The real costs of our local government

Regular readers will know this subject is nothing new- we’ve got too many chiefs for a shrinking number of Indians. Not only that, but the Indians aren’t getting enough work since paying for all those chiefs costs business a bit more than it does in other states. But, it’s not just a matter of too many chiefs, it’s a question of are any of them any good?

If they want to keep trying to work with the system we have, the answer is simple: Nope, none of them are worth even the time it would take to think about recalling them (another issue in Ohio is it is almost impossible to depose anyone- no matter how incompetent). Of course, no one listens to local logic- nope, we have to wait for some out of town consulting firm or thinktank to tell us the obvious (in this case it’s the Brookings Institute):

School districts are not the only thing Ohio has in spades. It also has some 3,800 local government units, including 250 cities, 695 villages and 1,308 townships. The result is that “total local government payroll in Ohio is 10 percent above the national average and 17.5 percent above the peer state average,” according to Brookings.

None of this government is free, which leads to another finding: Ohio residents have the ninth-highest local tax burden in the country, compared with the 34th highest for state taxes. To know that fact is to understand that concentrating all the political fights about taxes in Columbus — as if state taxes alone define our competitiveness — is missing a big cost of doing business and living in Ohio.

via Editorial: Ohio’s rebound depends on cities | A Matter of Opinion.

But then again, even with reducing the numbers of fiefdoms, we’d still have to have someone to run the show. In Montgomery County, that job falls to Deborah “Teflon” Feldman, our County Administrator. She’s the “CEO” of the County- one that’s been hemorrhaging jobs and property value over the last 15 years. Of course, no one wants to blame Deborah, because she’s so good at what she does- mainly, keep the County Government out of the limelight and letting the city of Dayton sink or swim on its own. Not her problem- and not one she wants to take on. Of course, the problems she faces seem to get to be someone else’s fault every time- the buck never stops with her. Read what the DDN editorial written by her friend Ellen Belcher says:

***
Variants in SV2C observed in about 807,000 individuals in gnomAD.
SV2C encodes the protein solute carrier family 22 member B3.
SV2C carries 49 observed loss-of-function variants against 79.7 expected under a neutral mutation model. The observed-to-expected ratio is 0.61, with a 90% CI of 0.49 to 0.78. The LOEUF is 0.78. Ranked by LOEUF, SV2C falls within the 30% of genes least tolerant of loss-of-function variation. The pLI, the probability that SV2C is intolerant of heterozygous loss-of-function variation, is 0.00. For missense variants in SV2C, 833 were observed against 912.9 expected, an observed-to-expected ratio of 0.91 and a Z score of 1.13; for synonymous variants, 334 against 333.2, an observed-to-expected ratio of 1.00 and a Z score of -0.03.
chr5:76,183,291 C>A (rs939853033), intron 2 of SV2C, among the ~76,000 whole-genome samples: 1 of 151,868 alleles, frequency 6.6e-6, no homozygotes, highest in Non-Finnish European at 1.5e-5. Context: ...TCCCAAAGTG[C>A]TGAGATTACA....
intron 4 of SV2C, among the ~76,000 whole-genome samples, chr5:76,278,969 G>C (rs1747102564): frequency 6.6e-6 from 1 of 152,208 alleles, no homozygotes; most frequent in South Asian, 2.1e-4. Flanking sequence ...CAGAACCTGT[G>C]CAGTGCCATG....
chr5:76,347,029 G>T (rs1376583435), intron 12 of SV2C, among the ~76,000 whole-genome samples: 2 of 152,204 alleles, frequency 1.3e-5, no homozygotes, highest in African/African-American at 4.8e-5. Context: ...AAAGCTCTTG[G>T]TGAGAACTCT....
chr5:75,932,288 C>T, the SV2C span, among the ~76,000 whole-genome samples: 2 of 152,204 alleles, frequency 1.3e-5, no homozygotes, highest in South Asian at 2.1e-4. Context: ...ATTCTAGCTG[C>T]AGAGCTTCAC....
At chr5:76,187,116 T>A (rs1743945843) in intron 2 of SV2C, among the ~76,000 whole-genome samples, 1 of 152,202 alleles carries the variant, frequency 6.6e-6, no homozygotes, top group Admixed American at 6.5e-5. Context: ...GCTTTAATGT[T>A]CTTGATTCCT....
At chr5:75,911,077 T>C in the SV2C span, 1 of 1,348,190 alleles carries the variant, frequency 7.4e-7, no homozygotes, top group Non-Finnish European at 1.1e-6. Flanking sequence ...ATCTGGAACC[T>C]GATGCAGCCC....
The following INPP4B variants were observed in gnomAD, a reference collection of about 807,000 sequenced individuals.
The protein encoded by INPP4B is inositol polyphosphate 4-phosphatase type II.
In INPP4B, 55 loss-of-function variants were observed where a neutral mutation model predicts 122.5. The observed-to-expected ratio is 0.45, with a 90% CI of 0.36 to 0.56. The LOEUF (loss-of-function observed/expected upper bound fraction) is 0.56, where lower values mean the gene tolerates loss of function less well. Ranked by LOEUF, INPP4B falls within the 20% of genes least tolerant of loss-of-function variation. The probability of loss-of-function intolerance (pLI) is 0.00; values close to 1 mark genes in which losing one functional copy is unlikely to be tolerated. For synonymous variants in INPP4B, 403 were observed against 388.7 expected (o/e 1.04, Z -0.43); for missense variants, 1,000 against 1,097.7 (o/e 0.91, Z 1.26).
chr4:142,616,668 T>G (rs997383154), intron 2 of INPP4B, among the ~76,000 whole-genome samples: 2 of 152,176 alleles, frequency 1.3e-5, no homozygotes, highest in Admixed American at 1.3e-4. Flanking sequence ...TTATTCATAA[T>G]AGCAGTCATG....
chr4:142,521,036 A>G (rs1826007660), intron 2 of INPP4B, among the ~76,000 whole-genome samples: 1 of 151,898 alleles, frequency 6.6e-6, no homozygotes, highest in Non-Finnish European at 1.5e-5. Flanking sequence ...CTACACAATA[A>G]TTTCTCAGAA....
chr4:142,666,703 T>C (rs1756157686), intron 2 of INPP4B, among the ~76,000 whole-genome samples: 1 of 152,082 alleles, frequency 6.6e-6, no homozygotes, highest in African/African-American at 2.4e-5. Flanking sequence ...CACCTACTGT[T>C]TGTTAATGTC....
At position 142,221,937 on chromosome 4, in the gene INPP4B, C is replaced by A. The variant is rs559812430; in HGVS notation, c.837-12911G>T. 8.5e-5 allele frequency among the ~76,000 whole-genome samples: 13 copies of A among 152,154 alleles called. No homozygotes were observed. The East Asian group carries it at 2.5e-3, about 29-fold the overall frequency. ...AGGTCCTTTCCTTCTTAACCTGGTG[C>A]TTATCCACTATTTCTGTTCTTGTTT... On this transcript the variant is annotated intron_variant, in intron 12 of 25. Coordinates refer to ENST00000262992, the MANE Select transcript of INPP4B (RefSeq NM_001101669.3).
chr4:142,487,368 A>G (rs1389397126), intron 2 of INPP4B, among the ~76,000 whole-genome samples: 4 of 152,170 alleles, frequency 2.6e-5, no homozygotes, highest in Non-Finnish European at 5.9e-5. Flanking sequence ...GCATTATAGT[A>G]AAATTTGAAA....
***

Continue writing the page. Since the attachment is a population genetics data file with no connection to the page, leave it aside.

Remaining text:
Lesser embarrassments have cost people their jobs. But no one in high places is pointing a finger at Deborah Feldman, Montgomery County administrator. In fact, quite the opposite, they defend her fiercely and say they’re heartsick that she’s had to do most of the explaining publicly for the SCLC debacle.

The support for her stems from history, relationships and capital built up over almost 30 years.

via Ellen Belcher: County’s Feldman will weather SCLC storm | A Matter of Opinion.

Of late, even though we seem to have a bi-monthly scandal, no one wants to look at the top. The SCLC getting handed Federal funds without follow up, the Sheriff and his sister, the 911 dispatch system, the attempt to sneak in a vote to raise the hotel/motel tax to pay for a hockey arena at Austin Road, the big donation to the Dayton Development Coalition so that it could hire Congressman Turner’s wife on a no-bid contract- nothing seems to stick to her or her very slick aide de camp, County Economic Development Director Joe Tuss. No one is asking the hard questions about how this brilliant ED/GE fund is working at turning our community around. Nope, none of it is her fault, although she’s the second highest paid public employee in the County (after Dr. Stephen Johnson at Sinclair).

I’d still like to see an investigation into how the City of Dayton bought the old Sears building downtown from an investment group including Feldman’s husband and father in law at an enormous premium to put up the Riverscape fountains (and btw- how did that work out for us?).

The Dayton Grassroots Daily Show discusses both of these editorials and hopes that after reading and watching this- you have questions of your own.

Enjoy:

If you enjoyed this post, make sure you subscribe to my RSS feed! If you wish to support this blog and independent journalism in Dayton, consider donating. All of the effort that goes into writing posts and creating videos comes directly out of my pocket, so any amount helps!